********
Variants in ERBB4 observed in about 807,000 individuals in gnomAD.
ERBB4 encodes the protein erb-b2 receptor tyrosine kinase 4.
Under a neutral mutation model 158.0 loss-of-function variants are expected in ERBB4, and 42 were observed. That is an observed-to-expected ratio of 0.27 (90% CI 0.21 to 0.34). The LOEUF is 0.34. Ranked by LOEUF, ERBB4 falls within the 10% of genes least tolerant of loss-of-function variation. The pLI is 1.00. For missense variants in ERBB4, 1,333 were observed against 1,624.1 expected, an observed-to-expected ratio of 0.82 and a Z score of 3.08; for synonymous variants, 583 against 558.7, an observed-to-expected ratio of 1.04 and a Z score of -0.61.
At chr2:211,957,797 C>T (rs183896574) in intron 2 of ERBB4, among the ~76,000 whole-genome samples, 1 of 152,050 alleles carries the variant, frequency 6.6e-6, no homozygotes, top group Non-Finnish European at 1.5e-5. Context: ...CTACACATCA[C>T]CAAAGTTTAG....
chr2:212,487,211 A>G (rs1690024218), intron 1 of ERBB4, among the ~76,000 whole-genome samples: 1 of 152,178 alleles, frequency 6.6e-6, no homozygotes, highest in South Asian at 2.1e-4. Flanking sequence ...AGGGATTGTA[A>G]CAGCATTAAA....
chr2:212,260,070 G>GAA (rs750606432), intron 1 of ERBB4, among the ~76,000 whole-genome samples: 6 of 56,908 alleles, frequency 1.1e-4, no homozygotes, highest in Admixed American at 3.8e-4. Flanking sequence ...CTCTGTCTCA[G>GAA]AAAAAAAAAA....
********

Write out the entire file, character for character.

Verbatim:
Variants in ERBB4 observed in about 807,000 individuals in gnomAD.
ERBB4 encodes the protein erb-b2 receptor tyrosine kinase 4.
Under a neutral mutation model 158.0 loss-of-function variants are expected in ERBB4, and 42 were observed. That is an observed-to-expected ratio of 0.27 (90% CI 0.21 to 0.34). The LOEUF is 0.34. Ranked by LOEUF, ERBB4 falls within the 10% of genes least tolerant of loss-of-function variation. The pLI is 1.00. For missense variants in ERBB4, 1,333 were observed against 1,624.1 expected, an observed-to-expected ratio of 0.82 and a Z score of 3.08; for synonymous variants, 583 against 558.7, an observed-to-expected ratio of 1.04 and a Z score of -0.61.
At chr2:211,957,797 C>T (rs183896574) in intron 2 of ERBB4, among the ~76,000 whole-genome samples, 1 of 152,050 alleles carries the variant, frequency 6.6e-6, no homozygotes, top group Non-Finnish European at 1.5e-5. Context: ...CTACACATCA[C>T]CAAAGTTTAG....
chr2:212,487,211 A>G (rs1690024218), intron 1 of ERBB4, among the ~76,000 whole-genome samples: 1 of 152,178 alleles, frequency 6.6e-6, no homozygotes, highest in South Asian at 2.1e-4. Flanking sequence ...AGGGATTGTA[A>G]CAGCATTAAA....
chr2:212,260,070 G>GAA (rs750606432), intron 1 of ERBB4, among the ~76,000 whole-genome samples: 6 of 56,908 alleles, frequency 1.1e-4, no homozygotes, highest in Admixed American at 3.8e-4. Flanking sequence ...CTCTGTCTCA[G>GAA]AAAAAAAAAA....